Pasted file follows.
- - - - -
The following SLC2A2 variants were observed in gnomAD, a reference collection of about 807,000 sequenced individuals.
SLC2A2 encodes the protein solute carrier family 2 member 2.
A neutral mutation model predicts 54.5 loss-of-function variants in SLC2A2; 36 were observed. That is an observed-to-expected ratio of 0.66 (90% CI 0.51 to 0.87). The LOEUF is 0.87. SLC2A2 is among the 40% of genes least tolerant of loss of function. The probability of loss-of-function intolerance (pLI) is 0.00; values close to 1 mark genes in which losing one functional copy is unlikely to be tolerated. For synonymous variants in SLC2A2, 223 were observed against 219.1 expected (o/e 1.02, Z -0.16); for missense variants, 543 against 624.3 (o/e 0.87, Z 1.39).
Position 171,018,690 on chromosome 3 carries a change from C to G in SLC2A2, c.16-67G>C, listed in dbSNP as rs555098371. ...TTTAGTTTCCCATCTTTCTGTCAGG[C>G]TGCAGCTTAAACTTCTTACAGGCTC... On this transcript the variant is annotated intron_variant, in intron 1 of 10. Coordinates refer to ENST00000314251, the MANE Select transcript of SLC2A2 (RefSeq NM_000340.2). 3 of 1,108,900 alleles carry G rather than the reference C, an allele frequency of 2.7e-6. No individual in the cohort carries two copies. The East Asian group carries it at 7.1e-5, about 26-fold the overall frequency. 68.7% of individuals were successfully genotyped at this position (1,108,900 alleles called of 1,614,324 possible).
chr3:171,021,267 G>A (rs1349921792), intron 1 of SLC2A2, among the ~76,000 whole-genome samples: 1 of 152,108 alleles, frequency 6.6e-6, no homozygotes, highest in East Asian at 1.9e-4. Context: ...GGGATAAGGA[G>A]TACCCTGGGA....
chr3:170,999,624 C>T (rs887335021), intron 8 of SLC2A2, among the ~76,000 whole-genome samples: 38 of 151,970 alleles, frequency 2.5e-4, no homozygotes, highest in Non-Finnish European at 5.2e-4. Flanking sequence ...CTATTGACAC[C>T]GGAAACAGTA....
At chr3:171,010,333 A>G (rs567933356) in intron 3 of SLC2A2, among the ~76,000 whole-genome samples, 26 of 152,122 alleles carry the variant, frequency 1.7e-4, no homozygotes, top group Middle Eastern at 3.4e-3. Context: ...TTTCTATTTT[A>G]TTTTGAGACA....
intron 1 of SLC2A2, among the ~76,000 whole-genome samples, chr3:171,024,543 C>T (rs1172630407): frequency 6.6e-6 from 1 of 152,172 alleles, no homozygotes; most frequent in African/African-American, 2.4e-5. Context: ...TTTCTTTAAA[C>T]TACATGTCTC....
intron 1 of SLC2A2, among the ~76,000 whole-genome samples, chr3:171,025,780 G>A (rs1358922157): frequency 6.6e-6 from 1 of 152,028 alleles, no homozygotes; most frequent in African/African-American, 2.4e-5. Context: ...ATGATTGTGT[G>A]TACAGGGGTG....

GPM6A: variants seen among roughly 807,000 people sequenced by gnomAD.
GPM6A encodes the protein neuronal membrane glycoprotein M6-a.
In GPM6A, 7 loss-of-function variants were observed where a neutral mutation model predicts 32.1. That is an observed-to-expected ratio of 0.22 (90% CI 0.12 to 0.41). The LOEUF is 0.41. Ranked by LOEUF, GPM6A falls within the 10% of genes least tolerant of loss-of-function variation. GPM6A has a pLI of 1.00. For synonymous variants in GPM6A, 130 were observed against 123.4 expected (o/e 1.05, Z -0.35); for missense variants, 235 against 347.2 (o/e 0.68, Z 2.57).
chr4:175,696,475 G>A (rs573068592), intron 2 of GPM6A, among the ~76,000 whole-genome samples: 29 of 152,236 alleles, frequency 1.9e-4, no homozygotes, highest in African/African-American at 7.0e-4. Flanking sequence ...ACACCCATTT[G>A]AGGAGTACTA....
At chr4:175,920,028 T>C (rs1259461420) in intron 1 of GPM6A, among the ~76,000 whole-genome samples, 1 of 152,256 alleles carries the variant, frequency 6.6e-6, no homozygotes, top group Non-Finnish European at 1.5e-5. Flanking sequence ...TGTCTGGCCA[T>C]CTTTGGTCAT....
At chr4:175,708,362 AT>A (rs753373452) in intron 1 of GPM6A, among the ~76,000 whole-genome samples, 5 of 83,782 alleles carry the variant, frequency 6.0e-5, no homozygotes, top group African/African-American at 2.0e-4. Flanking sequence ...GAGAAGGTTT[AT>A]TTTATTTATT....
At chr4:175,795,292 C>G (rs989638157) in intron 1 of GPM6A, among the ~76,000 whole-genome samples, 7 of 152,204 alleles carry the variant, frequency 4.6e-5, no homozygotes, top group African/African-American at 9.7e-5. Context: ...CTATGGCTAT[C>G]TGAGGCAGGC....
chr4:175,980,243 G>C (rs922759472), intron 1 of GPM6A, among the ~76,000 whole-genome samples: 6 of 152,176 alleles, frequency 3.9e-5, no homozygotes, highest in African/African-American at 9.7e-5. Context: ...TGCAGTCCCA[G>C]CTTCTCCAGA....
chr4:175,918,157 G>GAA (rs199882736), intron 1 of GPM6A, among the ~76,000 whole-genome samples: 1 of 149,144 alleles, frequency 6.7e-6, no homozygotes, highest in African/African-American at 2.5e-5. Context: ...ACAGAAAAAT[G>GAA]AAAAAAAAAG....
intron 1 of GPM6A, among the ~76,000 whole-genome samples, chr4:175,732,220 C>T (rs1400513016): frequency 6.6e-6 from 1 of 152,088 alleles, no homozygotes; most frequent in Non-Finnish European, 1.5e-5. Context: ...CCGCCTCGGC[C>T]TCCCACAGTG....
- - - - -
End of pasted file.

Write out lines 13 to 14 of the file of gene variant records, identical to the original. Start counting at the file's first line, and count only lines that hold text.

chr4:175,696,475 G>A (rs573068592), intron 2 of GPM6A, among the ~76,000 whole-genome samples: 29 of 152,236 alleles, frequency 1.9e-4, no homozygotes, highest in African/African-American at 7.0e-4. Flanking sequence ...ACACCCATTT[G>A]AGGAGTACTA....
At chr4:175,920,028 T>C (rs1259461420) in intron 1 of GPM6A, among the ~76,000 whole-genome samples, 1 of 152,256 alleles carries the variant, frequency 6.6e-6, no homozygotes, top group Non-Finnish European at 1.5e-5. Flanking sequence ...TGTCTGGCCA[T>C]CTTTGGTCAT....